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Rams beat Seahawks in much anticipated return to Los Angeles

Richard Sherman #25 of the Seattle Seahawks takes down Tavon Austin #11 of the Los Angeles Rams during the second quarter of the home opening NFL game at Los Angeles Coliseum on September 18, 2016 in Los Angeles, California.

Jeff Gross/Getty Images

When the Rams poured down the tunnel in their blue and yellow-gold vintage uniforms and emerged in the blazing California sunshine, a sold-out Coliseum crowd loosed a long-suppressed Sunday scream.

After two decades of fan frustration and a year of anticipation building to this regular-season home opener, Los Angeles really, truly had pro football again.

And since this is L.A., the cathartic moment came with a Hollywood touch: The Rams entered the stadium with Red Hot Chili Peppers front man Anthony Kiedis yelling introductions to the crowd while shirtless in yellow uniform pants.

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The Rams hadn't played a football game that mattered in Southern California since Dec. 24, 1994, when the team left Angel Stadium in Anaheim and moved to St. Louis. The Rams faced the Seattle Seahawks on Sunday with a talented roster and shining optimism for a limitless future back home.

"Now it's really real," said Dan Walsh, a 47-year-old fan in a Jim Everett jersey who grew up in Riverside and rooted for the Rams over his brother's Raiders. "The preseason games were fun, but that was exhibition football, which is terrible. This is the real deal. This is what we were all waiting for."

Not many pro sports franchises would choose their first game in a new home to wear vintage uniforms, but the Rams aren't the normal new kids in town.

The jerseys aren't the only throwbacks being sold this season by the Rams, who are rekindling the love of the country's second-largest city for a sport and a team returning from 21 seasons away.

The Rams didn't wow the crowds, but a win is a win.

Greg Zuerlein kicked three field goals – the longest a 47-yarder in the fourth quarter – as L.A. beat the Seahawks 9-3.

Plenty of penalties slowed down the game for the announced crowd of 91,046 on a searing day at the Los Angeles Memorial Coliseum, where the Rams marked the long-awaited occasion by wearing those throwback uniforms.

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The Rams (1-1) are still without a touchdown after losing 28-0 at San Francisco in their season opener. With field goals accounting for all the offence, it was hardly the high-scoring show Los Angeles sports fans are known to crave.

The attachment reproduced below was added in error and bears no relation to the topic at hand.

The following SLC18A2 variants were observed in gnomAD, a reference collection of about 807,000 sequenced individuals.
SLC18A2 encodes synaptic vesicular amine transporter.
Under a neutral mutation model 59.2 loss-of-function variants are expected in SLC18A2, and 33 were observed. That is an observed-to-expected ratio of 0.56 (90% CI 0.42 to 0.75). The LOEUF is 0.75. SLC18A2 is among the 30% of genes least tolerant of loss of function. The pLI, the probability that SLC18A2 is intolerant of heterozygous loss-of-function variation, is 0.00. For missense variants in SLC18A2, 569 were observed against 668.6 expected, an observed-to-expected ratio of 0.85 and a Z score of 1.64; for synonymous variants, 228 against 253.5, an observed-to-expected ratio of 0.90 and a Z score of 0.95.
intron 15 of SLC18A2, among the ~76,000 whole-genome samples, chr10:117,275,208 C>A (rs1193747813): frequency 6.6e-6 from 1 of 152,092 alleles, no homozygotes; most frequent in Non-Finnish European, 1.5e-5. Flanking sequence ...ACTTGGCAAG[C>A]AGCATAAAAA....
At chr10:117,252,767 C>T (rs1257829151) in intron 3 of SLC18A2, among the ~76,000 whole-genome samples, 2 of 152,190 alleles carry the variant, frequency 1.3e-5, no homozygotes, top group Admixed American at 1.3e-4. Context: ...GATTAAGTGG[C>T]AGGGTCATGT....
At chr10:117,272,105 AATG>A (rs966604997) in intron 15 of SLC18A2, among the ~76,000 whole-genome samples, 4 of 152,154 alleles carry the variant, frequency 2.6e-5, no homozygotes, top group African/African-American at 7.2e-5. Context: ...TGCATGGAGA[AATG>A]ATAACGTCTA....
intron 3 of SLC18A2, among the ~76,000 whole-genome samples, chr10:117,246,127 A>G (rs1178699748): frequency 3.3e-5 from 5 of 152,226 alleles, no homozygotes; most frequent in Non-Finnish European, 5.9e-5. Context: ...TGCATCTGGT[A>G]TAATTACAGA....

At times, the dull roar of chatter was the loudest sound from the crowd, until the fourth quarter, when they were on their feet cheering the Rams' defence.

The Rams are still three years away from moving into their billion-dollar new home in Inglewood. But if nostalgia is a big part of the draw for these Rams, they're in the perfect stadium for it now: The packed Coliseum was the team's home for its first 34 years on the West Coast – and the venerable home of the first Super Bowl was rocking once again.

The tailgate parties began at dawn. West Coast rap and grilled meat aromas drifted among the fans gathered in the nearby parking lots and neighbourhoods for a ritual confined to college games in LA for the past 21 years.

University of Southern California fans have kept the Coliseum busy on fall Saturdays, but the Trojans – particularly the struggling teams of the past half-decade – don't command the same passion in a town that lives for the biggest events on the grandest stages.

Even before the stadium filled for kickoff, the excitement was palpable.

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Fans packed into the rows of seats near the famed Coliseum tunnel, cheering wildly for the first Rams to take the field for pregame warm-ups in those familiar uniforms. They booed the Seahawks with equal enthusiasm – even Richard Sherman, the star cornerback who grew up just a few miles away in Compton.

The Rams hadn't played a real game in the Coliseum since Dec. 16, 1979, when the team lost to New Orleans in its regular-season finale. That Rams team still rallied for two road playoff wins to make the franchise's only Super Bowl during its Southern California era.

It spent the next 15 seasons playing in Anaheim before steadily diminishing crowds.

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